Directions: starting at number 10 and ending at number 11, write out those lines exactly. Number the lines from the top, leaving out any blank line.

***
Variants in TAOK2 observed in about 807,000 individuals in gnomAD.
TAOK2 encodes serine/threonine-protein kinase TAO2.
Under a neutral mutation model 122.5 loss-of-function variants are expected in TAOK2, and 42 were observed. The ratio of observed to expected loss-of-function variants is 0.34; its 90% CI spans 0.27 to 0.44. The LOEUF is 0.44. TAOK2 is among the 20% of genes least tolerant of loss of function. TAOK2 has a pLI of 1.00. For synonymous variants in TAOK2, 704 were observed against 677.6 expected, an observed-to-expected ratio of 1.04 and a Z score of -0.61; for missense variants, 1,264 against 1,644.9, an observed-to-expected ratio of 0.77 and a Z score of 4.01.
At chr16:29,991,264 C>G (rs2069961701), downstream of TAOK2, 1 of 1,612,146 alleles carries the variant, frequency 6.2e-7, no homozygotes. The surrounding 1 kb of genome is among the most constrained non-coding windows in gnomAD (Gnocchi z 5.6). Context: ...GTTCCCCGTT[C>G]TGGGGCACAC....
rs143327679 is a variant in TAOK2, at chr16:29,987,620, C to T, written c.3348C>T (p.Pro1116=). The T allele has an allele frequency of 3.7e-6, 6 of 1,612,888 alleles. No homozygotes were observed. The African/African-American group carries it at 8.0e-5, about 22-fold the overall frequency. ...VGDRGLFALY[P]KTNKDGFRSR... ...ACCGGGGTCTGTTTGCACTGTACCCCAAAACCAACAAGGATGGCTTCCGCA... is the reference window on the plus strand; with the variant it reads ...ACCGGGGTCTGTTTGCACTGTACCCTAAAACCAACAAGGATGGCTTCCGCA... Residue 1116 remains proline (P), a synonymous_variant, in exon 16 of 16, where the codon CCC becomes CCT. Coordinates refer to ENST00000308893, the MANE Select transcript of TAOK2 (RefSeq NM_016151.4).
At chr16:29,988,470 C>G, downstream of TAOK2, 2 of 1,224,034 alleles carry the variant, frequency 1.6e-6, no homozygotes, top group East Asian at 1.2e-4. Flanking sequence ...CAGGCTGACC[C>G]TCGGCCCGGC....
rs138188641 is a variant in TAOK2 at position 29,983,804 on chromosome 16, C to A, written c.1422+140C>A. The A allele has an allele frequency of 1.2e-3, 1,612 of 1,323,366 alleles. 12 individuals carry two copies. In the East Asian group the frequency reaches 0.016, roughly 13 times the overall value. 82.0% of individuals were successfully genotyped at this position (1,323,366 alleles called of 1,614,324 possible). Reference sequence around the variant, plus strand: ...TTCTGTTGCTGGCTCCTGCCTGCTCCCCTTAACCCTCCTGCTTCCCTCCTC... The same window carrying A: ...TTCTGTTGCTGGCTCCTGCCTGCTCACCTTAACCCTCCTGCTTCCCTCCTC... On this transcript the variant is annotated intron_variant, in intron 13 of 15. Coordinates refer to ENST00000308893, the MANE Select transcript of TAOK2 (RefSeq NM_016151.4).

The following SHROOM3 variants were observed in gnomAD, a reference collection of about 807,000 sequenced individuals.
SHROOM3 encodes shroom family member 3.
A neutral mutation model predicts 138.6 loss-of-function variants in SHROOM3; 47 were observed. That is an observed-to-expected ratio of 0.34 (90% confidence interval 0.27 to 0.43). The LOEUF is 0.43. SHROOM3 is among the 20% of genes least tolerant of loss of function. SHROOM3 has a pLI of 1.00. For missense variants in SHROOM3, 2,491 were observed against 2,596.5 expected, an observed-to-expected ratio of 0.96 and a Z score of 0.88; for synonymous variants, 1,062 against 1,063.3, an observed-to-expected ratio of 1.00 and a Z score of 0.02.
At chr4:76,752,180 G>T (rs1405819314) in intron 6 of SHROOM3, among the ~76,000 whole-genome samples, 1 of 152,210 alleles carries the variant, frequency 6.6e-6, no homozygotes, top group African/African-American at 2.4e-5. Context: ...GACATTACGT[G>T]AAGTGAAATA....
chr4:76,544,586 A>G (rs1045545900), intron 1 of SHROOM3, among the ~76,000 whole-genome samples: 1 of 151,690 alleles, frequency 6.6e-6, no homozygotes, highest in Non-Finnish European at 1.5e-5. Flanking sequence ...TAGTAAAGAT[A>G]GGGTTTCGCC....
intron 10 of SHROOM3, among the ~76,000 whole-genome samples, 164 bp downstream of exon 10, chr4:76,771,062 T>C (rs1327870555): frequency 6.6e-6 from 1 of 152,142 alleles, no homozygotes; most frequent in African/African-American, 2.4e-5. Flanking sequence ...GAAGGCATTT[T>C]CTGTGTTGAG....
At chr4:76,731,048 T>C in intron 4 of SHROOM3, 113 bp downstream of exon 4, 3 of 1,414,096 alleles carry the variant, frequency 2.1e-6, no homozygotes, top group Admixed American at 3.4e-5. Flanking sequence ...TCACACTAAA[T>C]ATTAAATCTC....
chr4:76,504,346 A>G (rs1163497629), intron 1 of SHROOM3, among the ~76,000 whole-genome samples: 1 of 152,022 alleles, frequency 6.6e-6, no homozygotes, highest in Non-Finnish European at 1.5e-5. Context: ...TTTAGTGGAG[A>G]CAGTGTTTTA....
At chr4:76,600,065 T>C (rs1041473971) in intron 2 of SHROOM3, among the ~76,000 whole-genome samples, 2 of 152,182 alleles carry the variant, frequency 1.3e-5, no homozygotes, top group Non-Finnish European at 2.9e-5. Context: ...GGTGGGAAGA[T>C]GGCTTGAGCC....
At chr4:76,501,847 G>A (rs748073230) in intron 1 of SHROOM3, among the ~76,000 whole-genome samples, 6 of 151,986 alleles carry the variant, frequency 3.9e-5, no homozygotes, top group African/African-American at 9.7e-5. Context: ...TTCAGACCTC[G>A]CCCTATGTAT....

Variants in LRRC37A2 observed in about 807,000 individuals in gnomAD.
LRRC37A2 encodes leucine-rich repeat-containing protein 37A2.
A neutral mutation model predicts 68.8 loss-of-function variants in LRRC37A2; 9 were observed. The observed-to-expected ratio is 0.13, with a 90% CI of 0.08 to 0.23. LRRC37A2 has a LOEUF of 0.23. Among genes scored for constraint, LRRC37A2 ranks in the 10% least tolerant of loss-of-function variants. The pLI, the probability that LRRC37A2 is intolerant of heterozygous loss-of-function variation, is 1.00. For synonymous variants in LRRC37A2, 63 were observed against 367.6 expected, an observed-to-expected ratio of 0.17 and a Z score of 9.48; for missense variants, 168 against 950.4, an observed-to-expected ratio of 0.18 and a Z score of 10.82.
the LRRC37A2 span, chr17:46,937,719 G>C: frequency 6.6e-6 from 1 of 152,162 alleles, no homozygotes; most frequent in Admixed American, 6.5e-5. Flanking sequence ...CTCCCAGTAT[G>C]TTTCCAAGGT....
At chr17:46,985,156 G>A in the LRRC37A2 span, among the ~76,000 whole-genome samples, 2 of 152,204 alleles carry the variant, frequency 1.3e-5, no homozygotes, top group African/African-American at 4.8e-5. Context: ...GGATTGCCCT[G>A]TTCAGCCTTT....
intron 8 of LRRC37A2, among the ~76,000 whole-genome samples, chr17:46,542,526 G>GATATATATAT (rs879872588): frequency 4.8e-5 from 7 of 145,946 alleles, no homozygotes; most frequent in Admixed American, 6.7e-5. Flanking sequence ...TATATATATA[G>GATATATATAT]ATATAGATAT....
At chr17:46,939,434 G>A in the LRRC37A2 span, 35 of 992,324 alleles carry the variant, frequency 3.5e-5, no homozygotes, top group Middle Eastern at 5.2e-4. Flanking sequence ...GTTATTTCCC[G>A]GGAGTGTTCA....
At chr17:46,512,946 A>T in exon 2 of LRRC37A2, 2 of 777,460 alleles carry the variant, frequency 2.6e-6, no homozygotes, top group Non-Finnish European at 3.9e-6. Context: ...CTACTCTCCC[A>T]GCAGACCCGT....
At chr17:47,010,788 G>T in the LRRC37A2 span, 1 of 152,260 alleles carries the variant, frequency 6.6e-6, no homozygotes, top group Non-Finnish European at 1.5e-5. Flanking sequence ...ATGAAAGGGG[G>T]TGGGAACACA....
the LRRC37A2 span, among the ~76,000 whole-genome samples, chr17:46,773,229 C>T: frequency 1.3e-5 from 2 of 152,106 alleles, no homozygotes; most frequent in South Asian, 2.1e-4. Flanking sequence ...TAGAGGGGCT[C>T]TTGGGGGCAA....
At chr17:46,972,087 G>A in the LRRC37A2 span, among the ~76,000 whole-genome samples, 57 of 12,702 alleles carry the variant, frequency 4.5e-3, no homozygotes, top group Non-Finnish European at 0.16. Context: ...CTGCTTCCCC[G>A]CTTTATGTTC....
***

A neutral mutation model predicts 138.6 loss-of-function variants in SHROOM3; 47 were observed. That is an observed-to-expected ratio of 0.34 (90% confidence interval 0.27 to 0.43). The LOEUF is 0.43. SHROOM3 is among the 20% of genes least tolerant of loss of function. SHROOM3 has a pLI of 1.00. For missense variants in SHROOM3, 2,491 were observed against 2,596.5 expected, an observed-to-expected ratio of 0.96 and a Z score of 0.88; for synonymous variants, 1,062 against 1,063.3, an observed-to-expected ratio of 1.00 and a Z score of 0.02.
At chr4:76,752,180 G>T (rs1405819314) in intron 6 of SHROOM3, among the ~76,000 whole-genome samples, 1 of 152,210 alleles carries the variant, frequency 6.6e-6, no homozygotes, top group African/African-American at 2.4e-5. Context: ...GACATTACGT[G>T]AAGTGAAATA....